March 20, 2018


Looking for PR & Finance Directors -

Tuesday, April 26, 2016

Elections 2016-2017 -

Tuesday, April 26, 2016

Why the ERA Failed: Comfort Over Content in the Fight for Women’s Rights -

Thursday, May 5, 2016

The Extent to Which Parents Should Regulate Their Children’s Abortions -

Thursday, May 5, 2016

Human Rights in a Reclusive Context: North Korea -

Thursday, May 5, 2016

Separation without Justification: Parental Rights of Pregnant Juveniles in Correctional Facilities -

Thursday, May 5, 2016

U.S. Asylum after September 11: Failures of the PATRIOT and ID Acts -

Thursday, May 5, 2016

Genomicare: The Affordable Care Act of 2023 -

Thursday, May 5, 2016

“Social Worker with a Gun:” The Role of Policing in Harm Reduction Among Addicts -

Tuesday, April 26, 2016

Pulling Principles Out of Thick Air: The Incorporation of Customary International Law Under the Alien Tort Claims Act of 1789 After Sosa v. Alvarez-Machain -

Tuesday, April 26, 2016

Schuette v. BAMN: Moving Toward a Colorblind Constitution -

Tuesday, April 26, 2016

American Women in Combat: What Israel and Canada Can Teach the United States About Integration -

Tuesday, April 26, 2016

Now Accepting Submissions! -

Tuesday, April 26, 2016

Join WULR! -

Monday, April 25, 2016

The Intersection of Lawlessness and Justice: Police Misconduct -

Tuesday, March 3, 2015

A Recommendation for Eliminating Lifetime Tenure for Federal Judges -

Thursday, January 1, 2015

Admissions Panel A Great Success! -

Sunday, November 9, 2014

Law School Admissions Panel -

Monday, November 3, 2014

VICTORY OF THE MINORITY: The Jehovah’s Witnesses’ Fight for Constitutional Rights -

Monday, June 30, 2014

VACATING CONVICTIONS: The Efficacy of One Form of Relief from the Consequences of Conviction -

Monday, June 30, 2014

VICTORY OF THE MINORITY: The Jehovah’s Witnesses’ Fight for Constitutional Rights

Spring 2014 : Volume VII : Issue 3 Author: Jong In Yoon, Columbia University The Jehovah’s Witnesses, despite their unpopularity with the public, were able to defend their beliefs and the right to act on them due to their willingness to go against mainstream ideals and opinions. While the most famous Jehovah’s Witnesses’ Supreme Court case might be the Minersville School District vs. Gobitis case regarding flag saluting in public schools, this paper instead takes a closer look at a different set of cases regarding religious solicitation, the most important one being Murdock v. Commonwealth of Pennsylvania. In Murdock, the…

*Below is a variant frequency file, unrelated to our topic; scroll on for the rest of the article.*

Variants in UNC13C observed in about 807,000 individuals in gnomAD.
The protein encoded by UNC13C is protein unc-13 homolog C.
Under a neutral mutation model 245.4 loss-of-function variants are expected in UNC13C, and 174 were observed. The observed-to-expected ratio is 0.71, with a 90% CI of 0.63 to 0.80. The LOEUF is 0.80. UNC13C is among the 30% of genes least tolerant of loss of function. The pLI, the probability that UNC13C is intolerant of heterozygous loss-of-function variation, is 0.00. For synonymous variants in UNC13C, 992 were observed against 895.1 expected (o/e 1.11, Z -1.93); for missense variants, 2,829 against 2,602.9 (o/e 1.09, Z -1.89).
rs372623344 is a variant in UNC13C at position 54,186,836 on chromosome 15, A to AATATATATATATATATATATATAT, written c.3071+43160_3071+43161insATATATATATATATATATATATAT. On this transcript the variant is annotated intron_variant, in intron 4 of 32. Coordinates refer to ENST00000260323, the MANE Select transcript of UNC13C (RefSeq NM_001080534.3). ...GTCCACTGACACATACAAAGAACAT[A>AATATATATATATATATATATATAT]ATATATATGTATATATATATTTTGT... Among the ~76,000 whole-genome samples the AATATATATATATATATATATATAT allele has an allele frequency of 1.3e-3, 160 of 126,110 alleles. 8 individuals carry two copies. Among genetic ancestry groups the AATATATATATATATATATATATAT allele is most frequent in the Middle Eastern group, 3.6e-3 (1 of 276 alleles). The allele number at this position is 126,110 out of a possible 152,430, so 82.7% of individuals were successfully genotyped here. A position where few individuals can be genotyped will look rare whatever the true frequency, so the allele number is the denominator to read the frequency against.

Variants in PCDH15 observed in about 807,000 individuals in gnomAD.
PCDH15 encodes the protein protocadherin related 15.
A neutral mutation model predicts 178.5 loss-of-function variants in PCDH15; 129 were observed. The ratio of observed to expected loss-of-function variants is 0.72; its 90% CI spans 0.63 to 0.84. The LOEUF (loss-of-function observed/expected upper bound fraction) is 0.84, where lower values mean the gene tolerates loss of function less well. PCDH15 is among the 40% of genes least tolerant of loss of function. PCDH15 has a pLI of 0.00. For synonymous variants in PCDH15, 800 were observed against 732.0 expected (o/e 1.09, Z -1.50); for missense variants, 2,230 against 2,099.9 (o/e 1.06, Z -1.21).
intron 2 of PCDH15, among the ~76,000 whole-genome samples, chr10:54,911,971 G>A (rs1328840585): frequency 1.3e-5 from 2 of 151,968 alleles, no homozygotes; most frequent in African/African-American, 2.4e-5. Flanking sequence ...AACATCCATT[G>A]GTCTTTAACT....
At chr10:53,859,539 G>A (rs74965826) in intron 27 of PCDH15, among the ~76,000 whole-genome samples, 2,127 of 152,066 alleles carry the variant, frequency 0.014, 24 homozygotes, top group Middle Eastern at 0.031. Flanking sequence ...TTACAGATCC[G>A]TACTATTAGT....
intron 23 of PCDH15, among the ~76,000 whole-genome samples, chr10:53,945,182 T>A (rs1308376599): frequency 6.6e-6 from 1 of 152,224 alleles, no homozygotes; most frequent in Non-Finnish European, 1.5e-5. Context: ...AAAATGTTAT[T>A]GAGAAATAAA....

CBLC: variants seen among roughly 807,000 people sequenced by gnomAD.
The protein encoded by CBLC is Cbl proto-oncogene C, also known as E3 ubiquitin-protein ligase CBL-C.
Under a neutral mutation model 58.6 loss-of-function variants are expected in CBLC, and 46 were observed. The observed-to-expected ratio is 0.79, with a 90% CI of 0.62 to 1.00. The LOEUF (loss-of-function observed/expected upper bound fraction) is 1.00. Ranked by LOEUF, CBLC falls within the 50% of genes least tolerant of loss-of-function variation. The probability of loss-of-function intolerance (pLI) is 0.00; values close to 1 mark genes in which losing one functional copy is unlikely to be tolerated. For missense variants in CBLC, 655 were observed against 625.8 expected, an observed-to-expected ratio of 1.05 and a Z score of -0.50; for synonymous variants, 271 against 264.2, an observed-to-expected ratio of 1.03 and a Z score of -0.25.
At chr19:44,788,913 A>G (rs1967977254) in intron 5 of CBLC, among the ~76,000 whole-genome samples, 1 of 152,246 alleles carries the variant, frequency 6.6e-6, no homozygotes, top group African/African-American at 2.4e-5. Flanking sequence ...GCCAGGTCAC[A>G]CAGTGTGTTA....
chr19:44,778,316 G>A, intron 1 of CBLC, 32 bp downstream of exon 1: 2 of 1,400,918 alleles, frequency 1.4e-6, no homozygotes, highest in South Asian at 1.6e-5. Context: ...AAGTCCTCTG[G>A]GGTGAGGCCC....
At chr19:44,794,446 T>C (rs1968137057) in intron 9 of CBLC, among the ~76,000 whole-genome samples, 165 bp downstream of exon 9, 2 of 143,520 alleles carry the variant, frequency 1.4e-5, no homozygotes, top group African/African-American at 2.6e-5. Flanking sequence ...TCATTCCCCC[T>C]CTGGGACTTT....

VACATING CONVICTIONS: The Efficacy of One Form of Relief from the Consequences of Conviction

Spring 2014 : Volume VII : Issue 3 *Author: Emily Tenenbom, University of Washington This piece is an in-depth exploration of the implications of Washington State’s vacate statute, which allows ex-offenders to retroactively state that they were not convicted of that crime should they meet particular conditions. Despite exhaustive sociological work and legal scholarship investigating the various “collateral consequences” of criminal convictions, few in academia have pursued an in-depth analysis of the efficacy of existing legal modes of relief. This study is significant in that it closely examines a specific and widely-utilized legal remedy; it seeks to answer whether, and…

INTEGRATION AND INTERESTS: The Forgotten Role of Judge Walter Hoffman in Ending Massive Resistance in Virginia

Spring 2014 : Volume VII : Issue 3 *Author: Michael Payne, College of William & Mary In the aftermath of Brown v. Board, the Supreme Court left it to school authorities to solve the logistical problems of integrating schools. Virginia subverted the aims of the Supreme Court and instead used local school authorities to delay integration, ultimately resulting in the closure of Norfolk’s public schools. As such, the burden of desegregating schools fell onto lower federal courts and local citizens’ groups. Norfolk serves as an instructive case study. District Judge Walter E. Hoffman and local business, student, and church groups…

LEGAL HYPOCRISY AND EXTRAVAGANT POLITICAL THEATRE: Sovereign Immunity and its Effects on Contemporary American Politics

Spring 2014 : Volume VII : Issue 3 *Author: Habib Olapade, Stanford University When the founders revised their states’ legal codes, in the midst of the revolution, several of them were content to retain the English common law tradition as the foundation of their new republic’s historically novel “empire of laws.” As conservative revolutionaries, who for the most part did not want to upset the prevailing socio-economic order of their provinces this cross-application was not unexpected. However, if one believes that a society’s legal code should be a reflection of its beliefs or social mores, then this move is problematic….

THROWING STONES AT GLASS HOUSES: A Consideration of Methamphetamine Addiction, Psychosis, and Treatment in Criminal Contexts

 Spring 2014 : Volume VII : Issue 3 *Author: Amanda Bakowski, University of Pennsylvania Advances in neurological and psychological research as well as in brain imaging techniques allow for groundbreaking analysis into the brain and its connection to behavior. For example, researchers are able to identify complex structural changes brought about by psychological disorders, including substance abuse and addiction. However, this greater insight into a person’s neurobiological conditions at the time a crime is committed has created debate in the legal community. Deciding how to properly incorporate such information into legal proceedings, determining responsibility and competency when substances are involved,…